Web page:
Beth Harwell has shattered several glass ceilings in her lifetime. In 2001, she became the first-ever chairwoman of the Tennessee Republican Party. In 2011, after serving in the Tennessee House of Representatives for more than two decades, her colleagues chose her to become the first female speaker of the Tennessee House of Representatives. On Thursday, August 2nd, she’s running in the Republican gubernatorial primary to become the first female major party nominee and the first female governor of Tennessee.
In the General Assembly, Harwell has pushed for conservative policies, including tax cuts and welfare reform. She has also been a strong advocate for victims of gender-based violence for her entire legislative career. As Speaker of the House, she oversaw the expulsion of a state representative for sexual harassment and instituted mandatory sexual harassment training for all Tennessee state legislature employees.
Harwell is running in a crowded field in the Republican primary. Her most notable opponents are current U.S. Representative Diane Black and businessmen Randy Boyd and Bill Lee. She is considered an underdog in the race; she’s been outspent by nearly all of her opponents. However, Harwell continues to campaign on her extensive legislative experience, which she hopes will sway voters. The winner of the Republican primary will almost certainly be elected in the November general election.
Tennessee currently ranks 40th out 50 states in RepresentWomen’s Gender Parity Index. The state has never had a woman governor, and only 15.6% of the legislators in Tennessee’s General Assembly are women.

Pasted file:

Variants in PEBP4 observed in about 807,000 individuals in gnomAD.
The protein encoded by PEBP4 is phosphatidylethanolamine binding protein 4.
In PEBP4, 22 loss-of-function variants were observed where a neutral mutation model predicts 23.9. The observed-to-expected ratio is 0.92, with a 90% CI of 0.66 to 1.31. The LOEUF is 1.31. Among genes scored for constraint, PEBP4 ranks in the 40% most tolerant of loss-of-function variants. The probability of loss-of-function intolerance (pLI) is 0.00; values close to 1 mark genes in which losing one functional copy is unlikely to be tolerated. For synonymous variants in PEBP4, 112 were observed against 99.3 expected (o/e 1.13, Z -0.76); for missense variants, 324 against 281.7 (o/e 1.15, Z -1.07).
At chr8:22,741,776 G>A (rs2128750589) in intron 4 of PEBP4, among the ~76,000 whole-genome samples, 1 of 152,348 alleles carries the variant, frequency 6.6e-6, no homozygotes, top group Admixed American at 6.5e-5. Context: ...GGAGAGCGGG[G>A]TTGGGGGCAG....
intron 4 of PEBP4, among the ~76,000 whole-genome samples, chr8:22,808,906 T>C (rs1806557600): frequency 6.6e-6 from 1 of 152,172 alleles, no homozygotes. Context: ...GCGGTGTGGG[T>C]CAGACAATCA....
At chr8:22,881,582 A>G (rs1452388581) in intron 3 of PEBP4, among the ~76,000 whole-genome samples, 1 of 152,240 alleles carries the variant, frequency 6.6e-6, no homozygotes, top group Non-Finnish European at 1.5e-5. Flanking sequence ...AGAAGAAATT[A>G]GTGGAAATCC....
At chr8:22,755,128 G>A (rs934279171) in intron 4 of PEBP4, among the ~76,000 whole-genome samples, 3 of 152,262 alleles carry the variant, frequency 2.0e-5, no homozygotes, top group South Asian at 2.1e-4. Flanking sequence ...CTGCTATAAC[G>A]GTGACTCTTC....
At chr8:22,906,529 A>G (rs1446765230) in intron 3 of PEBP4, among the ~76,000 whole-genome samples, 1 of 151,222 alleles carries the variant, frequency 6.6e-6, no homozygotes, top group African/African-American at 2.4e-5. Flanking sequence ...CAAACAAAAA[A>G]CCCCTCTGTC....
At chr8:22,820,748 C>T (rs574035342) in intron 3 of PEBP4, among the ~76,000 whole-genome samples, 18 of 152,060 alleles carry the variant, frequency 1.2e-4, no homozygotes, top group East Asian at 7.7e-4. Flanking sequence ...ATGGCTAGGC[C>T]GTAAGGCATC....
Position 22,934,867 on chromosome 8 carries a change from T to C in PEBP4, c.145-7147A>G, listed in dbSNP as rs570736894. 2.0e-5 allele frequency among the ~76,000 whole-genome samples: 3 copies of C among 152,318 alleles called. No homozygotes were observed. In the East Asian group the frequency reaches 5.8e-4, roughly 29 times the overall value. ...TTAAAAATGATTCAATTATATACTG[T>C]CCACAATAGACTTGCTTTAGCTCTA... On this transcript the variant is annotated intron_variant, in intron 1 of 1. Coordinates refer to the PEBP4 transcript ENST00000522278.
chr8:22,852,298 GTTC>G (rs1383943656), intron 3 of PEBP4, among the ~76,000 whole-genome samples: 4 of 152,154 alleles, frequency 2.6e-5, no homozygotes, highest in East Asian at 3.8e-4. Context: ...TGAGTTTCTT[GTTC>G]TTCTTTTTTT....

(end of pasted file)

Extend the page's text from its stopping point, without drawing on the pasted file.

Harwell stands out because women are often excluded from leadership positions in statehouses. She is one of only six women (and one of two Republican women) who serve as speaker of a state house nationally. She also previously served as chair of the House Commerce Committee, a position that women are often systematically excluded from holding. Unfortunately, few other women hold leadership positions in the Tennessee General Assembly. None of the fifteen standing committees in the Tennessee House are chaired by a woman. Senate Education Committee Chairwoman Dolores Gresham is the sole woman to lead a committee in the Tennessee Senate. If the Tennessee GOP, which has a majority in the General Assembly, wishes to reach gender parity, they should not only recruit more women to run for office but also be gender conscious in selecting committee chairs.
Harwell recognized the historical significance of her campaign in an interview with the Tennessean:
“I don’t think anyone should vote for me because I am a woman but I would tell you the historical significance is great. And it’s especially so because in the year 2020 this state will celebrate a hundred years of being the state that made it possible for women to earn the right to vote. I think it’d be nice to have a female governor at that point.”
Indeed, if elected, Harwell will be in office on August 24, 1920, the 100th anniversary of Tennessee becoming the 36th state to ratify the 19th Amendment, officially enshrining women’s suffrage in the U.S. Constitution. We will be watching this race closely to see if this November— 98 years after women first obtained the right to vote— Tennesseans will get their first opportunity to cast their ballots for a woman governor.